Prediabetes and Dangers to Your Eyesight by Dhanu Meleth, M.D.

August 28, 2019

Dr. Meleth is an ophthalmologist at the Marietta Eye Clinic who specializes in retina and uveitis.

Your vision is fundamental to your quality of life, and with proper preventative care, you can give yourself every advantage possible in the effort to keep your eyes healthy and your vision clear. Prediabetes is a condition in which your blood sugar is higher than normal but not yet high enough to be type 2 diabetes. Without lifestyle changes, you are very likely to progress from prediabetes to type 2 diabetes.

Prediabetes occurs frequently and is a serious threat to eyesight and ocular health. An estimated 33.9% of U.S. adults aged 18 years or older (84.1 million people) had prediabetes in 2015, based on their fasting glucose or A1C level. Nearly half (48.3%) of adults aged 65 years or older had prediabetes.

Eye Damage from Diabetes: Retinopathy

According to the American Ophthalmology Association (AAO), diabetic retinopathy is a leading cause of visual impairment in working age-adults. Retinopathy refers to when blood vessels in the retina portion of the eyes swells, leaks, or closes off completely. Additionally, abnormal new blood vessels can grow on the surface of the retina. This can then progress to cause bleeding that obscures your vision or even results in the formation of a retinal detachment or advanced forms of glaucoma. Once people reach the more advanced stage of diabetes in the eye, the risk of blindness starts to increase.

Diabetic retinopathy can occur at any age. The single greatest asset you have in fighting this disease is preventative eye exams. Regular eye exams are vital to avoiding vision loss even if you are not having symptoms you notice. You can have good vision and no ocular symptoms and still have the presence of the disease and need treatment. Effective treatment depends heavily on the timeliness of the treatment. Once certain types of damage occur, the damage is irreversible.

Additional Diabetic Eye Diseases

There are other very serious eye diseases related to diabetes. With these diseases, routine eye care from a comprehensive ophthalmology practice with retina, cataract, and glaucoma specialists is vital to maintaining optimal eye health and clear vision.

Diabetic Macular Edema – This occurs when fluid builds up on the retina and causes swelling and blurry vision.
Cataracts – Excessive blood sugar can cause cataract, which is the clouding of the natural lens in your eye, causing various types of visual disturbances.
Glaucoma – This group of eye diseases causes damage to your optic nerve, leading to irreversible loss of vision. Diabetes doubles the risk of getting glaucoma.

How Can I Prevent Diabetic Eye Disease?

The single best way to stay ahead of diabetes-related eye disease is through a comprehensive, dilated eye exam with your ophthalmologist at least once a year. Visits to an ophthalmologist or an ophthalmologist who further specializes in care of the retina (retina specialist with a retina fellowship) might even be recommended more frequently, depending on your health condition.

There are additional lifestyle changes you can make to help your body prevent this type of potentially blinding disease:

Control Your Blood Sugar. High blood sugar can affect the shape of the lens in your eye, causing blurry vision – this blurring returns to normal when blood sugar stabilizes. High blood sugar can also damage the blood vessels in your eyes.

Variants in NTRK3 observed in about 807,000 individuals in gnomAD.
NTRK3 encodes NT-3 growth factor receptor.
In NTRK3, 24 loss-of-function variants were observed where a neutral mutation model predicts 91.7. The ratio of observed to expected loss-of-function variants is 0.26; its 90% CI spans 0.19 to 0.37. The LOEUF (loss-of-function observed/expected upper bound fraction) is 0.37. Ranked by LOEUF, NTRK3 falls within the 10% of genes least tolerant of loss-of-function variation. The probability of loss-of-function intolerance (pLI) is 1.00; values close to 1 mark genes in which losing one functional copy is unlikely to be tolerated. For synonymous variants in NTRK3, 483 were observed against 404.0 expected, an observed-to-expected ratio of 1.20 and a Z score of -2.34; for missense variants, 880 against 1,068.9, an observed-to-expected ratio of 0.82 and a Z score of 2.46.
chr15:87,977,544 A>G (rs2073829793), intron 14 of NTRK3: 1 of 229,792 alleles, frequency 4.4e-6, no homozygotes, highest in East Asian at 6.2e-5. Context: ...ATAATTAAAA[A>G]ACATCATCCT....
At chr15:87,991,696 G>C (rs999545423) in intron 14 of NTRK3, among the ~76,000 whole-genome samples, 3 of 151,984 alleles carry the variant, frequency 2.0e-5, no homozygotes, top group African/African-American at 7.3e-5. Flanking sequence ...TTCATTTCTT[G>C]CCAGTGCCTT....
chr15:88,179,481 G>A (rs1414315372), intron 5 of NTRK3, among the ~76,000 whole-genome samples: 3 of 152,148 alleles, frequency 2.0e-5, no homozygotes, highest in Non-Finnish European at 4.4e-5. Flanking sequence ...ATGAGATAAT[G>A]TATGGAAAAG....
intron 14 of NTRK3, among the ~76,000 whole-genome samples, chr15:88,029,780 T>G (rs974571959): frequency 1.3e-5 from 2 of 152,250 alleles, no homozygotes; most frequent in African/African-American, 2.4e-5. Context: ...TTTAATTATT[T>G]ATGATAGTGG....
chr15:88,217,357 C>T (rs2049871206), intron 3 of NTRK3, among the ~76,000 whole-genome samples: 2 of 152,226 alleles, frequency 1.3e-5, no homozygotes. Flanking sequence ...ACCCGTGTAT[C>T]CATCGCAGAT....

Maintain Healthy Blood Pressure and Cholesterol Levels. In addition to affecting other parts of the body, high blood pressure and high cholesterol can put you at greater risk for eye disease and vision loss.
Quit Smoking. Smoking increases the risk for diabetic retinopathy and other diabetes-related eye diseases.
Exercise. Regular exercise is good for your eyes and helps prevent diabetes and control diabetes once you develop the disease.

All of these changes involve improving the overall health of the blood vessels in your body. The reason that diabetes is such a devastating disease is that it affects the health of your blood vessels. Your blood vessels travel to every organ in the body, and as damage from diabetes accumulates, every organ can be affected. Maximizing the health of your blood vessels not only reduces your risk of blindness, but it also reduces your risk of serious complications such as heart attacks, strokes, kidney failure, and loss of fingers and toes.

More About Retina Specialist Dhanu Meleth, M.D.

Known as Dhanu among his family and friends, Annal Dhananjayan Meleth was born in Kerala, India, but he admits with a chuckle it is difficult to answer the question of where he is from. This world traveler has lived in 26 different places. But most of his life was spent in India, England, Canada and now the U.S. Dr. Meleth’s education and medical training have taken him on a meandering journey reaching from Québec, Canada, to Alabama, Washington, D.C., Texas, Australia, and now Atlanta, where his family is. Read his full bio here.

References and Additional Resources

The American Academy of Ophthalmology (AAO) is the world’s largest association of eye physicians and surgeons. It describes itself as a “global community of 32,000 medical doctors who protect sight and empower lives by setting the standards for ophthalmic education and advocating for our patients and the public.” Its website is a great resource to learn more about how to care for your eyes.

Prevalence of Prediabetes

Diabetic Eye Disease

What is Diabetic Retinopathy

Screening for Diabetic Retinopathy – 2014


Top Five Steps to Help Prevent Diabetic Eye Diseases

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